We should never, ever forget what a privilege it is to wield a prescription pad, or the power and responsibility that comes with it. Whenever I think about it, I am humbled by the potentially terrifying outcomes. The decisions we make can be, and occasionally are, definitive, in the life-defining and (luckily rarely) life-ending sense.
Alright, 90% of the time we are banging out scrips for trimethoprim or clotrimazole cream and no one is going to suffer much if we do or we don’t. But we have the other 10% to consider.
I have many times in this column expressed my opinion that, apart from dressings and other superficial stuff, prescribing should be left to those of us who have trained long and hard to earn the right to do it. But, from time to time, we get it wrong.
There have been an awful lot of distressing experiences during my 22 years as a GP, but the times that a patient has overdosed on medication I have prescribed are among the worst. There have not been many instances that I am aware of, although there will certainly be some of which I am not.
Twenty years ago, it was normal to give amitriptyline for depression. It now seems a bit odd to give something so toxic to such vulnerable people, but hey, at the time (pre-keyhole surgery) we were ripping open abdomens to get gallbladders out. Not that long before that (pre-PPIs), we were doing partial gastrectomies for stomach ulcers – and not long before that, GPs were doing tonsillectomies on kitchen tables, if we believe what our elders told us as students.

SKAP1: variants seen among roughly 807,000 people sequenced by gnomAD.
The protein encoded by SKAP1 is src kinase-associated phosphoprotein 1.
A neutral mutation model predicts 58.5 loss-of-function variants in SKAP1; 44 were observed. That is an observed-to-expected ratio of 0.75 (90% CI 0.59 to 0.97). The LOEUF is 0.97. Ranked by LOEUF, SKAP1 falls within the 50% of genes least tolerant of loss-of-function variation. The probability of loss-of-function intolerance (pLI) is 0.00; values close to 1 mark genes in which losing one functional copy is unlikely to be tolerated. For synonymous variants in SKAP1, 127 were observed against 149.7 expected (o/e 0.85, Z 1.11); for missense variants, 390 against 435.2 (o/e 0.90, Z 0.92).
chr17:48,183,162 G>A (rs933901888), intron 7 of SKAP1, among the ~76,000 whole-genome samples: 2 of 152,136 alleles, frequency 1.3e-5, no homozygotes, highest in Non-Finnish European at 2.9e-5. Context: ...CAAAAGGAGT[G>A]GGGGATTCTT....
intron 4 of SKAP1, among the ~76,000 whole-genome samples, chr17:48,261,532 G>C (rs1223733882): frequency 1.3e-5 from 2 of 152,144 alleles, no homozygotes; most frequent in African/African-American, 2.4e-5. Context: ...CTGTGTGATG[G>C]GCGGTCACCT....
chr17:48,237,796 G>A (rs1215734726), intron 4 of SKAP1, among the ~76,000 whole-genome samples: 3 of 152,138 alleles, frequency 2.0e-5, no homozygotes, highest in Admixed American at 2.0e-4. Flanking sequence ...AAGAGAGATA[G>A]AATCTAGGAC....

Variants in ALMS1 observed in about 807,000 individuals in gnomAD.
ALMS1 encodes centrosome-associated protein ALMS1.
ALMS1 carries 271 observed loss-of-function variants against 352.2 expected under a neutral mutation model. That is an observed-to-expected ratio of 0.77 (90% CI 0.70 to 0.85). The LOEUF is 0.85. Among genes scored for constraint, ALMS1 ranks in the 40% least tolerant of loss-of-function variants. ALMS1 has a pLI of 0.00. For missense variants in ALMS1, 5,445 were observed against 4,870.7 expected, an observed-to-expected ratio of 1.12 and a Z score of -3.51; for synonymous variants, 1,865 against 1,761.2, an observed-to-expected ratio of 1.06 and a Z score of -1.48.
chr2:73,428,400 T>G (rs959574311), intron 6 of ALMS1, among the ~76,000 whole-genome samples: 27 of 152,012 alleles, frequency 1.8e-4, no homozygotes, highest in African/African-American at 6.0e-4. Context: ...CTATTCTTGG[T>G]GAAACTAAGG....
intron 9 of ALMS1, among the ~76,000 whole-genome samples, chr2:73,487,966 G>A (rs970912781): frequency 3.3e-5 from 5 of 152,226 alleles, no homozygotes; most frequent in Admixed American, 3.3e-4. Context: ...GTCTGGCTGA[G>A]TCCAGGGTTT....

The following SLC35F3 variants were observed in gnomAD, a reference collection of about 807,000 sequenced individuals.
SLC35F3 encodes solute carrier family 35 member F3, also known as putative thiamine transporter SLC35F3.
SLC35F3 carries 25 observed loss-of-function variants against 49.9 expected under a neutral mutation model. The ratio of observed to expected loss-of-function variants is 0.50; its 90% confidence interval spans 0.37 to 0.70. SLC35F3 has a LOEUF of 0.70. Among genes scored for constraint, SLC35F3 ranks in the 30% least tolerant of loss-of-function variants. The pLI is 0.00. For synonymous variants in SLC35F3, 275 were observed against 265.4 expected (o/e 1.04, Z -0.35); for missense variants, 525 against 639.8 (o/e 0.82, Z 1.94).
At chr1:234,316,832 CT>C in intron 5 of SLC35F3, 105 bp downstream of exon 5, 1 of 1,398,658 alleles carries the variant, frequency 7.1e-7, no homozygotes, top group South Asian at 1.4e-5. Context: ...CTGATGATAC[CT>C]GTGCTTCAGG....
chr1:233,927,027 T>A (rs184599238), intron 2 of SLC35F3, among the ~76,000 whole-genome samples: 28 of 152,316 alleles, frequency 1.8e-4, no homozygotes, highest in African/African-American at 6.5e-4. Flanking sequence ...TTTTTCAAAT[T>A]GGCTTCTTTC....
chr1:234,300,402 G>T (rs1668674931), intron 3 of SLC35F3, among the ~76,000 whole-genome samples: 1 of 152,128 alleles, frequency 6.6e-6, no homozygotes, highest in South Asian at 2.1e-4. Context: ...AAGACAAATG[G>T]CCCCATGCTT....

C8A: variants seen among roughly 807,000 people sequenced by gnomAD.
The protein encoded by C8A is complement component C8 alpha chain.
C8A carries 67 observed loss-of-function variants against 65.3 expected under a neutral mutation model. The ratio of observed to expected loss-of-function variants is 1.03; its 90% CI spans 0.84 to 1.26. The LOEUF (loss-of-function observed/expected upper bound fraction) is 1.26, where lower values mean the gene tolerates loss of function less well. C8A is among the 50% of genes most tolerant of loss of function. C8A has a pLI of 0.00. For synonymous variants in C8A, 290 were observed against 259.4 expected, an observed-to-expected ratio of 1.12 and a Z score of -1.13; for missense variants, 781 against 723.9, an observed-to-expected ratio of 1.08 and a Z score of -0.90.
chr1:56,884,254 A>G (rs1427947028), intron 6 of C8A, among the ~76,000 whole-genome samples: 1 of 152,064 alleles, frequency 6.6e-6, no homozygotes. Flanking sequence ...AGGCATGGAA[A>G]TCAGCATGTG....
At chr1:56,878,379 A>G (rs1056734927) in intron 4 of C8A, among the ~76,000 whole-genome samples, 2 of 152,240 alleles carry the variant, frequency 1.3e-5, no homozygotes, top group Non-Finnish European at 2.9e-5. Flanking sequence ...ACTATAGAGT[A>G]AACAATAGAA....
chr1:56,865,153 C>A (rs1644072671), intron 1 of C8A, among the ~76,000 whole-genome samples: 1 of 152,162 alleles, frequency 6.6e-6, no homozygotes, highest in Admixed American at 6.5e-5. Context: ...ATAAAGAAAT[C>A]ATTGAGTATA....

I once prescribed amitriptyline to a young man who was apparently suffering from anxiety and depression. I’m not making excuses because I was not long a GP at the time, and we all learn as we go along. These days, I would recognise that his ‘depression’ was an attempt to influence his upcoming court case for GBH on a young lady, and to cast himself as the victim rather than her.
Anyway, he collected the drugs but never took any. After he assaulted his next lady friend, in desperation she took four months worth of his amitriptyline in one go and died soon afterwards.
Although she wasn’t my patient, I doubt I’ll ever stop wondering about the life she might have had if I hadn’t prescribed the drugs.
One reason my surgeries run so late is I am very pedantic about what I prescribe, partly because the wonderful placebo effect means the more I bang on about a drug to the patient, the more effective it is likely to be. Recently, I changed the analgesia of a little old lady with osteoarthritic hips from paracetamol to co-dydramol, giving her a long, earnest talk about the seriousness of this opiate-derived drug.
Of course, trials show no difference between the effect of these two drugs, but my words clearly had some effect, as when she attempted to end it all, the letter from the hospital informed me she’d taken six of them at once.
She’s still around and I still feel good about my prescribing, and the way I prescribe. I see this as progress.
Dr Phil Peverley is a GP in Sunderland.